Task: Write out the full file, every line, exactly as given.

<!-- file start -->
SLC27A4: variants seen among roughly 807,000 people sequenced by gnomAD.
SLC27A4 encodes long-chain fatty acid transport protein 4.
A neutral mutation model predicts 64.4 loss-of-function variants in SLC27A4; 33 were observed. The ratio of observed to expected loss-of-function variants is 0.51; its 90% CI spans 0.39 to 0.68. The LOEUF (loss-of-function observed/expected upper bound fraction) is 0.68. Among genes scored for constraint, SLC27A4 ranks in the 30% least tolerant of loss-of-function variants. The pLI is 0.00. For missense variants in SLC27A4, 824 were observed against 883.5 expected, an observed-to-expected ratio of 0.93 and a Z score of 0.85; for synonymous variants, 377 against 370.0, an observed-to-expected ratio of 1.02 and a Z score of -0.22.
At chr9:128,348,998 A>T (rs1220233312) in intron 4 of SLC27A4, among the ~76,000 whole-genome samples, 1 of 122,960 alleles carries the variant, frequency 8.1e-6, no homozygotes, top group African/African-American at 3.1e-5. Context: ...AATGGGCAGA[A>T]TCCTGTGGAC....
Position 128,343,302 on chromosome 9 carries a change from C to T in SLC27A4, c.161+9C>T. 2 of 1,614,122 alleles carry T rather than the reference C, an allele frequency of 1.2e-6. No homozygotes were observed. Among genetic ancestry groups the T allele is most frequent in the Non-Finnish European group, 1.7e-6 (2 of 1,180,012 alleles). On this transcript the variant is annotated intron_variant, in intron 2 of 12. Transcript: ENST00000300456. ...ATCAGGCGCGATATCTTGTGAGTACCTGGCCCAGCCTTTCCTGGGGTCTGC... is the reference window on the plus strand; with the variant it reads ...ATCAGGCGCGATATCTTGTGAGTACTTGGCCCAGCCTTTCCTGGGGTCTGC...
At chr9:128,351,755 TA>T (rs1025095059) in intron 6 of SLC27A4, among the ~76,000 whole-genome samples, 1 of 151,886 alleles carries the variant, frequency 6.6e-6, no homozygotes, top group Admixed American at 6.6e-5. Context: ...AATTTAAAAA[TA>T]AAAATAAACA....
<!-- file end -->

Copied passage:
SLC27A4: variants seen among roughly 807,000 people sequenced by gnomAD.
SLC27A4 encodes long-chain fatty acid transport protein 4.
A neutral mutation model predicts 64.4 loss-of-function variants in SLC27A4; 33 were observed. The ratio of observed to expected loss-of-function variants is 0.51; its 90% CI spans 0.39 to 0.68. The LOEUF (loss-of-function observed/expected upper bound fraction) is 0.68. Among genes scored for constraint, SLC27A4 ranks in the 30% least tolerant of loss-of-function variants. The pLI is 0.00. For missense variants in SLC27A4, 824 were observed against 883.5 expected, an observed-to-expected ratio of 0.93 and a Z score of 0.85; for synonymous variants, 377 against 370.0, an observed-to-expected ratio of 1.02 and a Z score of -0.22.
At chr9:128,348,998 A>T (rs1220233312) in intron 4 of SLC27A4, among the ~76,000 whole-genome samples, 1 of 122,960 alleles carries the variant, frequency 8.1e-6, no homozygotes, top group African/African-American at 3.1e-5. Context: ...AATGGGCAGA[A>T]TCCTGTGGAC....
Position 128,343,302 on chromosome 9 carries a change from C to T in SLC27A4, c.161+9C>T. 2 of 1,614,122 alleles carry T rather than the reference C, an allele frequency of 1.2e-6. No homozygotes were observed. Among genetic ancestry groups the T allele is most frequent in the Non-Finnish European group, 1.7e-6 (2 of 1,180,012 alleles). On this transcript the variant is annotated intron_variant, in intron 2 of 12. Transcript: ENST00000300456. ...ATCAGGCGCGATATCTTGTGAGTACCTGGCCCAGCCTTTCCTGGGGTCTGC... is the reference window on the plus strand; with the variant it reads ...ATCAGGCGCGATATCTTGTGAGTACTTGGCCCAGCCTTTCCTGGGGTCTGC...
At chr9:128,351,755 TA>T (rs1025095059) in intron 6 of SLC27A4, among the ~76,000 whole-genome samples, 1 of 151,886 alleles carries the variant, frequency 6.6e-6, no homozygotes, top group Admixed American at 6.6e-5. Context: ...AATTTAAAAA[TA>T]AAAATAAACA....